Andy Farrell ready to take career learnings to the Ireland job

The 44-year-old has always wanted to be a head coach and Ireland could be a natural fit

New Ireland head coach Andy Farrell speaks to the press on Monday. Photo: Laszlo Geczo/Inpho

New Ireland head coach Andy Farrell speaks to the press on Monday. Photo: Laszlo Geczo/Inpho

 

In all the speculation as to how Andy Farrell will fare in his first job as head coach, it’s interesting to hear the man himself is as curious about how it will all pan out as anybody else.

So is that when you ask him what excited him the most, Farrell’s first answer is: “Evolving. Yeah, getting better, the learnings, the ups and the downs. I am excited by it all because that’s the journey, isn’t it? That is the excitement part for me, not knowing where it is going, where the end point is and how we deal with that along the way.”

Assuming the job is, in many ways, a natural fit. Moving to Ireland with his wife Colleen (nee O’Loughlin) was far easier, he admits, than making the initial move down south from his home town of Wigan. Both he and Colleen have third and fourth generation roots in Dublin and he described it as more like moving home.

Just as pertinently, it transpires he always wanted to be a head coach. The stints as an assistant with the Lions (twice), England and Ireland were stepping stones to being a head coach and have also given him as much inside information about the Irish system and its players than anywhere else.

A contingent of 14 Irish players first came across him on the Lions tour to Australia in 2013 and ever since all who’ve worked with him have been struck by his straight talking manner. He’s amiable and easy going, but with his booming voice and clear messages has been likened to Paul O’Connell for his voice within the camp. None of that is going to change.

“I can only be myself,” he told some of the Irish press corps during the week. “I want to be upfront with you guys and the players. I’m not clever enough to lie to myself. I want to be honest and be upfront. I can only be myself. As far as how I’m going to run this gig, I’ve been in professional sport for most of my life, since I was 16 years of age.

“I’ve always wanted to be a coach, no matter what code that would be in. I’ve had some unbelievable experiences along the way. Some fantastic, innovative coaches. Some brilliant man managers etc, and I take all that into stock.”

Being a head coach was also a natural for someone who was first made captain of the Wigan and England rugby league sides at the age of 21.

“I’ve always wanted to be a coach, probably from when I was captain at a young age because I knew my point of difference would have been galvanising the team. So, I’ve always wrote stuff down, from being 19 years of age about coaching so I’ve always wanted to get to that stage.

“That’s the first thing but when you put everything together from all these coaches that you’ve had and I’ve had plenty over time. You’ve also got to put your own Andy Farrell stamp into that and that’s my personality and that’s how I am. That’s how I see things evolving and that’s what I want to see come through. I want to be myself – 100 per cent I want to be myself.”

Contrary to popular perception, Farrell has never been a rugby league coach. Switching to union as a player before his 30th birthday, first with Saracens and then England, all Farrell’s coaching has been in the 15-man code, beginning in 2010 with a spell as the Saracens skills coach.

He has worked with Lancaster, Warren Gatland and Joe Schmidt, as well as Simon Easterby and newly appointed backs’ coach Mike Catt along the way, and won’t be shy about talking to the them or others.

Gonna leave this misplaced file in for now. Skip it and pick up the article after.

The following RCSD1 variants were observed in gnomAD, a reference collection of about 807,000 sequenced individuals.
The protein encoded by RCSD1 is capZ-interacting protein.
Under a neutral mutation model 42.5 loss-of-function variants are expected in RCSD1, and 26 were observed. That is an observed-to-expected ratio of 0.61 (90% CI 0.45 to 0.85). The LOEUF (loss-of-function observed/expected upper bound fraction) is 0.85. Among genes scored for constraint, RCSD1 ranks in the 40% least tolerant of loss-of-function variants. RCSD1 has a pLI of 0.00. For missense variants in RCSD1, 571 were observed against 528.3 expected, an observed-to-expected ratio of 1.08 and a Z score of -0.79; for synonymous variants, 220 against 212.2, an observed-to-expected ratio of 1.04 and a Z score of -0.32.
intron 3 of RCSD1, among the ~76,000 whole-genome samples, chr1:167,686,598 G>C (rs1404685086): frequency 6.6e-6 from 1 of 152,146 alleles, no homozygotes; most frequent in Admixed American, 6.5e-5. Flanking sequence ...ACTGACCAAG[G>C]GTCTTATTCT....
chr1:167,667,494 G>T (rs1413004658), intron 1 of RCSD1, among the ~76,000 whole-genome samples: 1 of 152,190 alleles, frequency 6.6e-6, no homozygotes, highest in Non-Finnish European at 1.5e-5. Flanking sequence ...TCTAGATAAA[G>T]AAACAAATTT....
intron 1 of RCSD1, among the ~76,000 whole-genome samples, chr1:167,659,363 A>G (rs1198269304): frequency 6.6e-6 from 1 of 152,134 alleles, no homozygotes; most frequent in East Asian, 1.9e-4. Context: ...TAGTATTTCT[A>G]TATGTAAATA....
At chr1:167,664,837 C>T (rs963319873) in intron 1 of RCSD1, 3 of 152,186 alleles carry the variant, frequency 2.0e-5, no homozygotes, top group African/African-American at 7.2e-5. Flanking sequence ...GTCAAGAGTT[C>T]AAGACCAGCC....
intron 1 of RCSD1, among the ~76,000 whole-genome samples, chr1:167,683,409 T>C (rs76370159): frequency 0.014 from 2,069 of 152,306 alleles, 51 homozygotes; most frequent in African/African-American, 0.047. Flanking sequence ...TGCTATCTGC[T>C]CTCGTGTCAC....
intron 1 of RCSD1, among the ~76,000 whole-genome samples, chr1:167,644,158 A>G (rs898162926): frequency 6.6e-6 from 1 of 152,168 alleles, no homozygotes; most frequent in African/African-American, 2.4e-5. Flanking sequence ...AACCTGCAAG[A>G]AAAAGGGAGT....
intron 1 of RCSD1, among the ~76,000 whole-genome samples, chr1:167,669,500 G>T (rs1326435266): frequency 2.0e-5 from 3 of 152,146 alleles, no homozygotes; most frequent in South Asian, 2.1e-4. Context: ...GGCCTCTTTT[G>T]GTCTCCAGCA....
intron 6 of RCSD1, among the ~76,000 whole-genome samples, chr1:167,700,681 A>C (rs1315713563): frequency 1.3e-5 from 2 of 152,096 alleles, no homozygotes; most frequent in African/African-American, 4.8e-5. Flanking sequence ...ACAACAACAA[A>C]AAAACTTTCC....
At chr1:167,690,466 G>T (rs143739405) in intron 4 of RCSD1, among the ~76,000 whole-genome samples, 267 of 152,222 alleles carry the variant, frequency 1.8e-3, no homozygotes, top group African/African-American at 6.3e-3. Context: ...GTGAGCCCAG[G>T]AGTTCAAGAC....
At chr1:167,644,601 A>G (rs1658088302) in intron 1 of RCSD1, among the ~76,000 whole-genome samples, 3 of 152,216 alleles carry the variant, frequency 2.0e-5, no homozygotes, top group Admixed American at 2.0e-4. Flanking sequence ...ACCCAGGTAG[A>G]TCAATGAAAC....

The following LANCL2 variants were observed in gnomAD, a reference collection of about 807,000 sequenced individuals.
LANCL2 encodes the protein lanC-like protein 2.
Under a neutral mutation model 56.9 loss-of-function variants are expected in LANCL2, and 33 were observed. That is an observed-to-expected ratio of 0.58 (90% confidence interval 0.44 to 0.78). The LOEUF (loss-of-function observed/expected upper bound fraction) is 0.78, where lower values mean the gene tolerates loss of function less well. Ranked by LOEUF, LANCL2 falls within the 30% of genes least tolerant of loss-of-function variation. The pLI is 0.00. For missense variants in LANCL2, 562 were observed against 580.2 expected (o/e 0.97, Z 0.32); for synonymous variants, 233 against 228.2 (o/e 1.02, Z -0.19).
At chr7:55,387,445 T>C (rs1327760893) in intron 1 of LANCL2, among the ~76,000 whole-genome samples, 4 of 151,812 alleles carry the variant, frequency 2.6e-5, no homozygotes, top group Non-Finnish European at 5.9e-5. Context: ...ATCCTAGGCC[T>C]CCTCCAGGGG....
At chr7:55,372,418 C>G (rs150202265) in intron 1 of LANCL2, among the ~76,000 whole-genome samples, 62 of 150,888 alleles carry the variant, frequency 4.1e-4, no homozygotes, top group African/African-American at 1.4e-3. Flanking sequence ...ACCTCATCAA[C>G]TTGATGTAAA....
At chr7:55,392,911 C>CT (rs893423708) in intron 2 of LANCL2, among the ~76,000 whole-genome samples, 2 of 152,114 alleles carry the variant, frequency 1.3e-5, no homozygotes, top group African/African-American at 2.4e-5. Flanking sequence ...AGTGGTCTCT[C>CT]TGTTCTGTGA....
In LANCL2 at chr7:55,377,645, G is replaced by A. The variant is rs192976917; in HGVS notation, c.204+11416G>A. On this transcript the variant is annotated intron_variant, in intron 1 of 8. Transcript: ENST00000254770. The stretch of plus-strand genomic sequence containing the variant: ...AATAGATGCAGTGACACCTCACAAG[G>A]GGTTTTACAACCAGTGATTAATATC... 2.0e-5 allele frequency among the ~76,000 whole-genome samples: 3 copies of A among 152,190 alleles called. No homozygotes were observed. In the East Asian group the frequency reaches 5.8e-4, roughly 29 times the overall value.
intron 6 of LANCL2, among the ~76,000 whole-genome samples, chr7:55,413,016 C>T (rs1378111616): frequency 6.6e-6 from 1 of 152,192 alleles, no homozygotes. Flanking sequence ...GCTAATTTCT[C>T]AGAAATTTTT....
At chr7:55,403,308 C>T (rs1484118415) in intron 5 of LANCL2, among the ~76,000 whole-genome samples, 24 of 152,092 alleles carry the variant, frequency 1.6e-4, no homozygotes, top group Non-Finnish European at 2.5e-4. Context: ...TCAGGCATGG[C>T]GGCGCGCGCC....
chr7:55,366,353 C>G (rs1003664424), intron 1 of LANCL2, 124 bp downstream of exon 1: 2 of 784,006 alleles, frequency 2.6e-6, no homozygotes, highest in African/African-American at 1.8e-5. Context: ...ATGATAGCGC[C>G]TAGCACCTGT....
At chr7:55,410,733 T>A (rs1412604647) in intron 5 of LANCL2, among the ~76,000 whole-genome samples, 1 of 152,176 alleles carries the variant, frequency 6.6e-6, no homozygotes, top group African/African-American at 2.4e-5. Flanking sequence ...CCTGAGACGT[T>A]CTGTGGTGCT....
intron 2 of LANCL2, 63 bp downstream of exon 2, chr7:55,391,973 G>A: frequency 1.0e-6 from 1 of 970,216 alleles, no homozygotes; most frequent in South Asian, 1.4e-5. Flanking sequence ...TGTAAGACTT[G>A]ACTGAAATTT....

“I would spend my time speaking as many people as I possibly can, not just in coaching – in business and in life. People that I meet in the gym and try and get my learnings from that. Every book I would read, every podcast I would have. It’s all about learning and getting better for this profession. I was 28 when I came over from rugby league and I had a long enough career from 16. I’m nearly 45 now, you know?”

He regards himself as privileged that his son Owen, who was born when Farrell was just 16, was able to see his career, although ironically has never coached him or indeed his other son, Gabriel, who he leaves to his own coaches.

“My boy now, Gabriel, who is eight, he’s at Old Belvedere and I just stand there on the sideline and the parents are coaching there. They turn an eye to me every now and again, and I just laugh. I enjoy watching parents getting stuck in. I would never interfere. If anyone asked me for some advice I’d gladly (give it) but I wouldn’t want to be a parent that’s interfering from the sideline.”

His respect and admiration for Schmidt remains undimmed.

“I’ll speak to as many people as I possibly can the whole time and when you’ve got Ireland’s most successful coach on your doorstep ... Joe’s a friend of mine and someone I’ve admired from afar when I’ve been working against him before. I always wanted to spend time with him and I was privileged enough to do that and work with him. He’s literally 10 minutes away from the office. But again, at the same time I’ll make sure that I’m my own person as well.”

Unlike Schmidt, Farrell won’t have an autumnal series with which to bed in his ideas, but rather he’s pitched in immediately into a Six Nations Championship.

“Well that’s international rugby, we all know that before we put our foot forward for the gig. You’re dealt with those cards and you make the most out of them. That has to be in your planning.

“I suppose the key for us is, yes, we want to progress and add to our game as everyone would want to do every season anyway. But we’ve got to make sure we take those steps without trying to push forward too fast and end up standing for nothing, just add as we go and hopefully we get a good response to that.”

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